“That’s not my job.”
I’ve heard this phrase uttered way too much in the workplace during my career. The sentence is usually being shot off like a gun intended to blast anyone else in the vicinity of the person’s ire. People tend to have a narrow view of what their job duties entail, and they look upon extra tasks as burdens instead of opportunities.
Someone who applied for a job as a receptionist may view their job duties as being limited to greeting people when they enter the building or directing incoming calls to the appropriate employee. Somehow being asked to put together an order for office supplies or keep the conference room neat and organized or to coordinate a catered lunch for a committee meeting activates their inner Clarence Darrow and they want to argue the letter of their job duties instead of using the opportunity to demonstrate their abilities and value in other areas of the business.
These folks are quick to complain about how “they don’t get paid to do that“ and completely miss the irony that if they proactively did more things like that — perhaps they would get paid more because they’ve shown themselves to be capable, deserving, and ready for more responsibility (and more money).
Look at added duties as added opportunities
Embrace the moments when you’re asked to contribute more than your role normally provides. More importantly, don’t wait to be asked. Look for ways you can improve morale, productivity, profits, and efficiency in your workplace. and just start doing it. You don’t need to ask permission to make things better.
A simple example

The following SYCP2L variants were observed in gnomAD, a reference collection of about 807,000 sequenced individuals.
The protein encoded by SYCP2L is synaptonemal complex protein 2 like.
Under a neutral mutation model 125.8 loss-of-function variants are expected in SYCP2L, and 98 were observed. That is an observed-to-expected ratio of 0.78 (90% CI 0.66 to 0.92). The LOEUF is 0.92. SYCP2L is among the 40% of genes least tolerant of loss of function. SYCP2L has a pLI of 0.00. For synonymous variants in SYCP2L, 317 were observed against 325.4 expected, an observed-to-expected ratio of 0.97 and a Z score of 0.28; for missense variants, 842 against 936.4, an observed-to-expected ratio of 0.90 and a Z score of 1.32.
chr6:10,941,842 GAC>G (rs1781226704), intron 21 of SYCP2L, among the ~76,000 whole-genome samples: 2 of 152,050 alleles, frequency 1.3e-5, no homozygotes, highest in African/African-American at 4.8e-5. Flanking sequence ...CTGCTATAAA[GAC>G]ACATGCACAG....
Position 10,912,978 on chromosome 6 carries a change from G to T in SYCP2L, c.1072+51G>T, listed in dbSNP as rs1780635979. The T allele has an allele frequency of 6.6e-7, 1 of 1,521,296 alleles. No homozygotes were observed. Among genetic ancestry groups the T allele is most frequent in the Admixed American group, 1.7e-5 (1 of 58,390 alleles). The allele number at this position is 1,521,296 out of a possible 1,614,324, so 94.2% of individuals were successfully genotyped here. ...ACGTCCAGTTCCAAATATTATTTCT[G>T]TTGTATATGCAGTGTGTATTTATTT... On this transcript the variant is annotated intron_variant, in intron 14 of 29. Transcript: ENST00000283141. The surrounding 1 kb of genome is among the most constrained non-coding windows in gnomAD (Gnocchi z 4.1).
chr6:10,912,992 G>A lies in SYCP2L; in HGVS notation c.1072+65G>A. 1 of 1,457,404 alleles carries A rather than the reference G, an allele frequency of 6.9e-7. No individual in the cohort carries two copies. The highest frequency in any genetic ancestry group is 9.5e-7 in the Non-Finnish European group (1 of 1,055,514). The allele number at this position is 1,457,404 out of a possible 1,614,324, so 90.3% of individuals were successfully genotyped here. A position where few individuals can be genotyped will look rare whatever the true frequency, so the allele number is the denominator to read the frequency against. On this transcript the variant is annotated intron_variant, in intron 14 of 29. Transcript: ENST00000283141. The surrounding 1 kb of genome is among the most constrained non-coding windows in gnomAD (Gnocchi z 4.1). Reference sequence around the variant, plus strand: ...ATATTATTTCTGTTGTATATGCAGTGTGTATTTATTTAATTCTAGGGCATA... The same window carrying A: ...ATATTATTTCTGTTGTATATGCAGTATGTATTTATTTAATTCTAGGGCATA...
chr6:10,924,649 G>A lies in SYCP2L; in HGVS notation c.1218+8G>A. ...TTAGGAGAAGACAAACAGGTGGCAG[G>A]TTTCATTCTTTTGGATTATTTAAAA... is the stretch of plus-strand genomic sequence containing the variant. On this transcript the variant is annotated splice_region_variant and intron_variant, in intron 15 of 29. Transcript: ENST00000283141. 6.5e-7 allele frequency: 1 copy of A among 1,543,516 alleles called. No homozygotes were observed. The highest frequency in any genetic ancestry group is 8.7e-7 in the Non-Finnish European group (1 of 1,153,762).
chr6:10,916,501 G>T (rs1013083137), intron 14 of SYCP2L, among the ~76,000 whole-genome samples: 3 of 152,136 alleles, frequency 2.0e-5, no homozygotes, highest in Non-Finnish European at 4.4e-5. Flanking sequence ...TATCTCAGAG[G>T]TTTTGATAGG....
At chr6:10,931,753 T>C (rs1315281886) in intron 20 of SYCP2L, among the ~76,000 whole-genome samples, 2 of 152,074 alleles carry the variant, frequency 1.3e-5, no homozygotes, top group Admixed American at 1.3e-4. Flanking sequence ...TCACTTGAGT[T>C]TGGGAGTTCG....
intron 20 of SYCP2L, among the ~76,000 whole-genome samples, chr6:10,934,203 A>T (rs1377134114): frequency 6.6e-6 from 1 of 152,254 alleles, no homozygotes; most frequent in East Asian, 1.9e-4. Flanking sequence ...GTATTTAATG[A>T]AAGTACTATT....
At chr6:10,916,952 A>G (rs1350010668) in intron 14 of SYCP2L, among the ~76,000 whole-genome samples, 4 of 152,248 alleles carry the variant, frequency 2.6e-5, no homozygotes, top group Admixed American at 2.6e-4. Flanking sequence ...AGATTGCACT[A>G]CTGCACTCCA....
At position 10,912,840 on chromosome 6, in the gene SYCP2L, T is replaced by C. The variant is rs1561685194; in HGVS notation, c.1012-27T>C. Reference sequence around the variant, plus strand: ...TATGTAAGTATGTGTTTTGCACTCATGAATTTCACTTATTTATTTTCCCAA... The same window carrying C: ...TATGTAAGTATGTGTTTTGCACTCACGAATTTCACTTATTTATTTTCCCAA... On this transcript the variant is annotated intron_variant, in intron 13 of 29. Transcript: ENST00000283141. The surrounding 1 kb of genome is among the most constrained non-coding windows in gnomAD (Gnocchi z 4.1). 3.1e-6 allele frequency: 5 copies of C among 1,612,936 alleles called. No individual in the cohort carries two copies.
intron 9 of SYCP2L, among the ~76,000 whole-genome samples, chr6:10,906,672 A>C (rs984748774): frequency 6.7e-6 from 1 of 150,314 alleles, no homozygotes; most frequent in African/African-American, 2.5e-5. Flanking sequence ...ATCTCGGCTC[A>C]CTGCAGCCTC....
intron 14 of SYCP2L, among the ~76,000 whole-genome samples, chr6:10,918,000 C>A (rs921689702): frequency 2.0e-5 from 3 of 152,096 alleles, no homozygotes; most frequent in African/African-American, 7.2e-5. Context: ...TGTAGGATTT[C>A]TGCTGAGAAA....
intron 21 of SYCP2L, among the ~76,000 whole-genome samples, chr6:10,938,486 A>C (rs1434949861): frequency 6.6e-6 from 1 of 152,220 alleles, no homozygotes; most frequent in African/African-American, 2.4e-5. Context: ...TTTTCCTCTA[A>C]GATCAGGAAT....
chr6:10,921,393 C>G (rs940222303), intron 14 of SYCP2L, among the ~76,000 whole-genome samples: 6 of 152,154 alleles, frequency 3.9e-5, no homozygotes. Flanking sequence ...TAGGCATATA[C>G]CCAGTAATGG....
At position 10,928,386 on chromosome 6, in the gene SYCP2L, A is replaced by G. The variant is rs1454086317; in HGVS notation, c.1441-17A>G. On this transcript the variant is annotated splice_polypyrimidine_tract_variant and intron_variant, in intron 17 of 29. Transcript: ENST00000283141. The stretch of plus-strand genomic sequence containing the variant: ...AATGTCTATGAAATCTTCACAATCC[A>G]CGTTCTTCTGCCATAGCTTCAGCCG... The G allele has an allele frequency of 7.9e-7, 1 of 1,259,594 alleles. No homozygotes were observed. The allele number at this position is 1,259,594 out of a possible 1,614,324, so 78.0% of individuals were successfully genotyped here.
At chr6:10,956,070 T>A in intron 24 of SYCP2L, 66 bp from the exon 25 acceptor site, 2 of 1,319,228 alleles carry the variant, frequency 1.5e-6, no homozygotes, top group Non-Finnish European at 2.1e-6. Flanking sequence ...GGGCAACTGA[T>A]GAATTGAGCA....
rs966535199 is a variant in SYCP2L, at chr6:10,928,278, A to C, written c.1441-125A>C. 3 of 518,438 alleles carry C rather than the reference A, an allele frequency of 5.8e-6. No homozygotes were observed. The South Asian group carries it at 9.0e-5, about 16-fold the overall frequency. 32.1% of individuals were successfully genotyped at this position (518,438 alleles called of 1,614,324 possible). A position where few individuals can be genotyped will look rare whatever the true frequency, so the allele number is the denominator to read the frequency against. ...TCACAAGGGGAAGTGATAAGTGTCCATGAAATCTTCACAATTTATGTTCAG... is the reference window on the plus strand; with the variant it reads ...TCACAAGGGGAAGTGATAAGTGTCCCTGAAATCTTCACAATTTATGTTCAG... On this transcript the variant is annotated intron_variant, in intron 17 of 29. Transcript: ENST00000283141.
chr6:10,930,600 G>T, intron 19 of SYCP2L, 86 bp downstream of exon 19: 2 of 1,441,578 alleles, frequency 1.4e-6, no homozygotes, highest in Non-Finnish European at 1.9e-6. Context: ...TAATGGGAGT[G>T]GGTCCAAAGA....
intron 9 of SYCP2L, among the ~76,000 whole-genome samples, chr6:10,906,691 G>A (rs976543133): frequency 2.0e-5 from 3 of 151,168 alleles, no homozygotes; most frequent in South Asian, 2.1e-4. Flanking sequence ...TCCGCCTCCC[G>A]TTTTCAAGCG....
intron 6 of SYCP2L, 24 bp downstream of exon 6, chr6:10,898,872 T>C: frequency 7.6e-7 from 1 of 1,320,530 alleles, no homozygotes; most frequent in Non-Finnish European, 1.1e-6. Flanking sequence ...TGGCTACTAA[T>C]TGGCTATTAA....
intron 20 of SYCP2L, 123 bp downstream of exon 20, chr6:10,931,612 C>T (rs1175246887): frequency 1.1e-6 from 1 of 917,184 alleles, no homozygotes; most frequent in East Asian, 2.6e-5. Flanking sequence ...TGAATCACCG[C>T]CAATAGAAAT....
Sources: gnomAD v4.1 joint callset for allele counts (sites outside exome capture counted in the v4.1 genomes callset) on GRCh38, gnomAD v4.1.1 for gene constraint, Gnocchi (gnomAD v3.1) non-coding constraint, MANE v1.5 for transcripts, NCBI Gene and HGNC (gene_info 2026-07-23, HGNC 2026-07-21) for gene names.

I work in an office with a small break room that includes counter seating with bar stools, a single-serve coffee station, kitchen sink, paper towel dispenser, and a dishwasher.
When I go to brew a coffee refill, I restock all the K-Cups in the dispenser by taking them out of the boxes under the cabinet and sorting them in the coffee tray. I’ve never gone into that kitchen to get a coffee and been welcomed by a fully-stock coffee selection. It’s almost always half-empty every time I visit the kitchen. So there are plenty of people taking the coffee, but “restock the coffee tray” isn’t on anyone’s job description, so it doesn’t get done.
The only other person I’ve seen stock that coffee tray is the company owner.
I’ve also witnessed “the boss” straightening the bar stools under the counter, refilling paper towel dispensers, and emptying trash cans.
If that kind of extra work isn’t beneath the person who signs your check every two-weeks, why would you turn up your nose at the opportunities around you to make a difference (even a small one) in your workplace?